2 Corinthians 8:11- 15
This morning we come into a section of 2 Corinthians where Paul, in the context of testing the genuineness of the Corinthian church, is giving them instruction about what giving and generosity that is acceptable to God looks like. This morning our task is to consider what is acceptable to God and then to examine ourselves in light of what we find. If we are the people of God we should bear the marks of it in the area of money, giving, generosity and stewardship.
God has said so much regarding this subject in the Scriptures, but we will limit our study this morning to those issues which are either directly taught here or which (it seems to me) naturally arise as we try to apply this passage to ourselves.
2 Corinthians 8:1-15
We want you to know, brothers, about the grace of God that has been given among the churches of Macedonia, for in a severe test of affliction, their abundance of joy and their extreme poverty have overflowed in a wealth of generosity on their part. For they gave according to their means, as I can testify, and beyond their means, of their own accord, begging us earnestly for the favor of taking part in the relief of the saints— and this, not as we expected, but they gave themselves first to the Lord and then by the will of God to us. Accordingly, we urged Titus that as he had started, so he should complete among you this act of grace. But as you excel in everything—in faith, in speech, in knowledge, in all earnestness, and in our love for you—see that you excel in this act of grace also.
I say this not as a command, but to prove by the earnestness of others that your love also is genuine. For you know the grace of our Lord Jesus Christ, that though he was rich, yet for your sake, he became poor, so that you by his poverty might become rich. And in this matter I give my judgment: this benefits you, who a year ago started not only to do this work but also to desire to do it. So now finish doing it as well, so that your readiness in desiring it may be matched by your completing it out of what you have. For if the readiness is there, it is acceptable according to what a person has, not according to what he does not have. For I do not mean that others should be eased and you burdened, but that as a matter of fairness your abundance at the present time should supply their need, so that their abundance may supply your need, that there may be fairness. As it is written, “Whoever gathered much had nothing left over, and whoever gathered little had no lack.”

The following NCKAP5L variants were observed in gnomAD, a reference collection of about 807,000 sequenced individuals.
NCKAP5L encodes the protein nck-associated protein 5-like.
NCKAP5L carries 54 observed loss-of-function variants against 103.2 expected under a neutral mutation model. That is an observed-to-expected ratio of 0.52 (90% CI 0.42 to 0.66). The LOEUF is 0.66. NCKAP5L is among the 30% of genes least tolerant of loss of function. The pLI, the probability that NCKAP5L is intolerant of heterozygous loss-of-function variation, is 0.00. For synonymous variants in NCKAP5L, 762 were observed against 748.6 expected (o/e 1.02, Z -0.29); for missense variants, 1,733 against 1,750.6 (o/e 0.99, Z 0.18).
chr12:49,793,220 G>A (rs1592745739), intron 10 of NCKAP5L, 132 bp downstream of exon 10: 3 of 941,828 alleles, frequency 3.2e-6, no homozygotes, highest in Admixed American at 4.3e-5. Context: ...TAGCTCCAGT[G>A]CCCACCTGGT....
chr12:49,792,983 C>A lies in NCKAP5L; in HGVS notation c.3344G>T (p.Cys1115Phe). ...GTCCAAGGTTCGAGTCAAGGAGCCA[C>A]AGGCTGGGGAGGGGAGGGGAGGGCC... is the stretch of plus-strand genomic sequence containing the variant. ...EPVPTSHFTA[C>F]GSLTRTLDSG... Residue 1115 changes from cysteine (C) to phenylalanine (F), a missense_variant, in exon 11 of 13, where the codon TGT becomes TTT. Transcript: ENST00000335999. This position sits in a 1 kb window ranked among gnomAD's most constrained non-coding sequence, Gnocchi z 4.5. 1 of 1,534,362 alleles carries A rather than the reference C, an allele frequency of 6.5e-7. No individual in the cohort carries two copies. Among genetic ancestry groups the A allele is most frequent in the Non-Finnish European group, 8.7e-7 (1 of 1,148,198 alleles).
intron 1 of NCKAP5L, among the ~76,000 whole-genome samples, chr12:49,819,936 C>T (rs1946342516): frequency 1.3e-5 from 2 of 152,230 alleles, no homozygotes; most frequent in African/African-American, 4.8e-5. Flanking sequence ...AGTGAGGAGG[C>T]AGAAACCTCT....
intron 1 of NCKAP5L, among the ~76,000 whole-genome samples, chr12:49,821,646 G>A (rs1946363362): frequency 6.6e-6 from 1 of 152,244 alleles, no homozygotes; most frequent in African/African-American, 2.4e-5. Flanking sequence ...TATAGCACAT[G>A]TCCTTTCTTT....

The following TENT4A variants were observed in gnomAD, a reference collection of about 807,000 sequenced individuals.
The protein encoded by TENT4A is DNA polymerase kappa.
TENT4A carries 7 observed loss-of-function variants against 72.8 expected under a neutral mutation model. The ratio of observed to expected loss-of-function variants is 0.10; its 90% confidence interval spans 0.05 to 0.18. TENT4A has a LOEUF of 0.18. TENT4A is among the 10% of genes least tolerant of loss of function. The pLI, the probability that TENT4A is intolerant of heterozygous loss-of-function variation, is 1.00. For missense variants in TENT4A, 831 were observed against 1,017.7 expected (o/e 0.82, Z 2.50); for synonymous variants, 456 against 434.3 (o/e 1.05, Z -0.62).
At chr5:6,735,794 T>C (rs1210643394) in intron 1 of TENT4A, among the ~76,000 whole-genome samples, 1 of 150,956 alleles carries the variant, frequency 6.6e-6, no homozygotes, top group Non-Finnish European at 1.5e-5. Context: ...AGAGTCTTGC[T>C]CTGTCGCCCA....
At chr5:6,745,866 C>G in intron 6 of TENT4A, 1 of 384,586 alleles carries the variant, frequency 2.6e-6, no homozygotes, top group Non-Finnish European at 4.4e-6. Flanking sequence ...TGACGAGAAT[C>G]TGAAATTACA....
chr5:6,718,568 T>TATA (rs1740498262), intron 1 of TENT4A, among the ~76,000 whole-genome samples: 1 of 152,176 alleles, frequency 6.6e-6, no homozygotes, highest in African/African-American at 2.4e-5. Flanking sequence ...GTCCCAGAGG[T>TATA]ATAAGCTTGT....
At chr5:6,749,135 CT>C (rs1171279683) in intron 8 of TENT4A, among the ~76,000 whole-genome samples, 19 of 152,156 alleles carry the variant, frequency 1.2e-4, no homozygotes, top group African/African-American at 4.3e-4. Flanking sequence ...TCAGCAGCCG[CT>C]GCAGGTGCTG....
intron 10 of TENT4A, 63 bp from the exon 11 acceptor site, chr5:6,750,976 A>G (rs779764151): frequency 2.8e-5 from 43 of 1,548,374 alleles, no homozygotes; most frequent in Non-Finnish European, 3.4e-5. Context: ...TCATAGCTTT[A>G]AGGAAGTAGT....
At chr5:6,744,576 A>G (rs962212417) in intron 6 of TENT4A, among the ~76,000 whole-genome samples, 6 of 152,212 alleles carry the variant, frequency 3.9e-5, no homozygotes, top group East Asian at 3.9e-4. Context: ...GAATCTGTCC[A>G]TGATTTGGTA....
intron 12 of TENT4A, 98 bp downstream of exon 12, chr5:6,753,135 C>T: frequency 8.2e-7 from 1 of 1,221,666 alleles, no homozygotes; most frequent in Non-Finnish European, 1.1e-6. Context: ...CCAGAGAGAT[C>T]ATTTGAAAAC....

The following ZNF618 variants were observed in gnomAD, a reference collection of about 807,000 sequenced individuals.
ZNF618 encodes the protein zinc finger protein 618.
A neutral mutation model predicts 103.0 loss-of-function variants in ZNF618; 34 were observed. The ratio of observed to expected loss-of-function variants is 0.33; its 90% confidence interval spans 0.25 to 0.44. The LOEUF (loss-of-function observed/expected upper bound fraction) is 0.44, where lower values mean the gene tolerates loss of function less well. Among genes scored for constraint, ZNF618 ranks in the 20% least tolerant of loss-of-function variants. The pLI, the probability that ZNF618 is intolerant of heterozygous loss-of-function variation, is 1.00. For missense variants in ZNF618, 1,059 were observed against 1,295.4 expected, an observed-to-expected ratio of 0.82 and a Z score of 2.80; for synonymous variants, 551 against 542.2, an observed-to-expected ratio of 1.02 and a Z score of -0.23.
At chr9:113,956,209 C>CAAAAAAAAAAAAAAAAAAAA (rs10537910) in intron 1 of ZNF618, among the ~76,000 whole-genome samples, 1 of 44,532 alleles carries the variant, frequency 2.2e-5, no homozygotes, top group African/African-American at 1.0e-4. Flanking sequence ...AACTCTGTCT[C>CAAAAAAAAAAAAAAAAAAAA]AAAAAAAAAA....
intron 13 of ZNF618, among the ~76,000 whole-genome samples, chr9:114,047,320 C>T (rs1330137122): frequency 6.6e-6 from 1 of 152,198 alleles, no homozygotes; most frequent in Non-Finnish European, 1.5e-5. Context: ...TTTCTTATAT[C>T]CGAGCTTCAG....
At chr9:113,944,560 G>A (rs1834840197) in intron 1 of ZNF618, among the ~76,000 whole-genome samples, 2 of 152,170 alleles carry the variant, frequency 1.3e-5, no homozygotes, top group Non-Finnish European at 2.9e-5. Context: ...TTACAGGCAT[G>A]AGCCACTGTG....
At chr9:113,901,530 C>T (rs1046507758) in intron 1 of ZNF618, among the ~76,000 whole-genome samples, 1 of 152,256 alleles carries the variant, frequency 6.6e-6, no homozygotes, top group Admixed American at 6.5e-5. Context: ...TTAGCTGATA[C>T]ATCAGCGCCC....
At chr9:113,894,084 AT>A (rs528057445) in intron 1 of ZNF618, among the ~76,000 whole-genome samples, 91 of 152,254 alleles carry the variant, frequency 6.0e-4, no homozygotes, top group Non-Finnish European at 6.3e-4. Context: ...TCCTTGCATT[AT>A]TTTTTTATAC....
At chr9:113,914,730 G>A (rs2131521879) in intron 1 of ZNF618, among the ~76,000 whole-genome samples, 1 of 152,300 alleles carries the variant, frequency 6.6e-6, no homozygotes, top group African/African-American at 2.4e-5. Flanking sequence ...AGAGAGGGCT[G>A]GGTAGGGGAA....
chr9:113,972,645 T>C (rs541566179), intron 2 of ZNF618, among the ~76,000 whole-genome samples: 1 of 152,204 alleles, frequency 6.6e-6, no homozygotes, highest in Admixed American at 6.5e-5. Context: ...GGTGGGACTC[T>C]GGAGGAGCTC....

Remember that the overarching context is that Paul is eager to see the Corinthians give evidence that they are genuine believers (that God’s grace is truly at work in them). Does their conduct match their confession, especially in this area of generosity towards God’s people? Remember that Paul is not interested in commanding them to follow a list of rules. He is interested in the fruit of the Spirit that issues from a new heart. Do we have that new heart?
This morning we will not be compiling a list of rules, by which we can declare ourselves righteous. We will be asking if the fruit of God’s Spirit is evident in our lives.
Given the subject matter this morning, I think it is important that we gain perspective from our Lord and Savior Jesus in Matthew 19:24,
… I tell you, it is easier for a camel to go through the eye of a needle than for a rich person to enter the kingdom of God.”
I wonder if we recognize the danger that money and possessions pose to our entering the kingdom. There is great danger in being rich. And compared to the rest of the world every one of us is rich.
This morning we need to consider the use of wealth, giving, and stewardship that glorifies God and it is a weighty and important subject. It is easier for a camel to go through the eye of a needle than for a rich person (you and me) to enter the kingdom of God. Something miraculous has to happen! Something radical! Or we will not go to heaven.